WW2 After the war Adolf Hitler

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Winston Churchill

Winston’s Childhood

Life as a young man


After the war

Adolf Hitler

Adolf Hitler

Hitler’s Childhood

Life as a young man during WW1

How he came to power and Started WW2

The Royal Family

The Royal Family

Winston Churchill (Middle ability)

Winston’s Childhood

  • Sir Winston Leonard Spencer-Churchill born 30 November 1874

  • His father was Lord Randolph Churchill, the third son of the 7th Duke of Marlborough.

  • Winston's mother was Lady Randolph Churchill daughter of American millionaire Leonard Jerome.

  • He spent much of his childhood at boarding schools.

  • He was rarely visited by his mother whom he loved, despite his letters begging her to come and his father wouldn’t let him come home.

  • Churchill did badly at school, regularly being punished for poor work and lack of effort.

Life as a Young Man

  • He attended the Royal Military Academy Sandhurst. At age 20, Churchill joined the army as a Subaltern of the IV Queen's Own Hussars Cavalry regiment.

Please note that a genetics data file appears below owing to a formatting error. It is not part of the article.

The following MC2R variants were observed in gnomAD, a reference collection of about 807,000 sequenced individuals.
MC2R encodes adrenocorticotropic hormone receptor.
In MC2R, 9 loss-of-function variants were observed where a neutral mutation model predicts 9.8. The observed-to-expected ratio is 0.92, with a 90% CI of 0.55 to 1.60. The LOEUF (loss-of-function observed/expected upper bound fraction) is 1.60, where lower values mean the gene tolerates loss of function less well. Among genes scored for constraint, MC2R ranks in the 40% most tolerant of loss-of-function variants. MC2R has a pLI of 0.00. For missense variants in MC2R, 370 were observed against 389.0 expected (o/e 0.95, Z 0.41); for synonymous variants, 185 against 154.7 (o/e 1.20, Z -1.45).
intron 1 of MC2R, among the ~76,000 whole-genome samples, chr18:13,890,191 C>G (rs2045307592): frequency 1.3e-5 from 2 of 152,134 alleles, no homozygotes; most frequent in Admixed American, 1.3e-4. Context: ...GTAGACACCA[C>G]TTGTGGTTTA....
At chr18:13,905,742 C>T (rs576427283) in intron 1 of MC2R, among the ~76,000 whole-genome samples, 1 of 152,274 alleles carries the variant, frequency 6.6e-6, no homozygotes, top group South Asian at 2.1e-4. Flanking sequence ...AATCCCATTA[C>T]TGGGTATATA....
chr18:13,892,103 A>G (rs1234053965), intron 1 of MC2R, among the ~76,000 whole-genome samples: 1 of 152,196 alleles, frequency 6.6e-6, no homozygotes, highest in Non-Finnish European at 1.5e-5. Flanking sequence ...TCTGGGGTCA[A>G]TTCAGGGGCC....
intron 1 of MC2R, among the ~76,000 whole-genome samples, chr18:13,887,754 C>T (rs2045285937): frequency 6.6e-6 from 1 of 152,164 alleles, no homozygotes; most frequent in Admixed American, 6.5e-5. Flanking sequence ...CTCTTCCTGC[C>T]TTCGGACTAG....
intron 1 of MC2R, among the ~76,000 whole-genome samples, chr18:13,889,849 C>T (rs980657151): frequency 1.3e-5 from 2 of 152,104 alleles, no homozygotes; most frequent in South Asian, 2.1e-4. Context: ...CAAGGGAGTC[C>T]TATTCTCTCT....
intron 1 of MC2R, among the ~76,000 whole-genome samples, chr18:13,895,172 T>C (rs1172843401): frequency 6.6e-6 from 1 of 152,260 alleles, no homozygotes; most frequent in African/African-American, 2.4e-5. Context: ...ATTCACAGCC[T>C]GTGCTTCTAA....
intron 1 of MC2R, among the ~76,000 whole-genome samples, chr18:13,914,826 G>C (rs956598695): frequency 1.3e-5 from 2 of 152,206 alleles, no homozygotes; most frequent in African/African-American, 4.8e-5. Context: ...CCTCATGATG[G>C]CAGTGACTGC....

• This regiment was stationed in Bangalore, India.

  • He fought in many battles including the famous cavalry charge at the battle of Omdurman.

  • On 12 September 1908 Churchill married Clementine Hozier

  • In 1899 Churchill left the army and decided to become a politician. He stood as a Conservative candidate in Oldham but was not elected.

  • Churchill set off as a war correspondent for the Morning Post, receiving £250 a month for four months reporting on the Boer War between Britain and Afrikaners in South Africa

  • After returning from South Africa, Churchill again stood as a Conservative party candidate in Oldham in the 1900 general election and was elected.

  • In 1911, Churchill became First Lord of the Admiralty, a post he would hold into the First World War.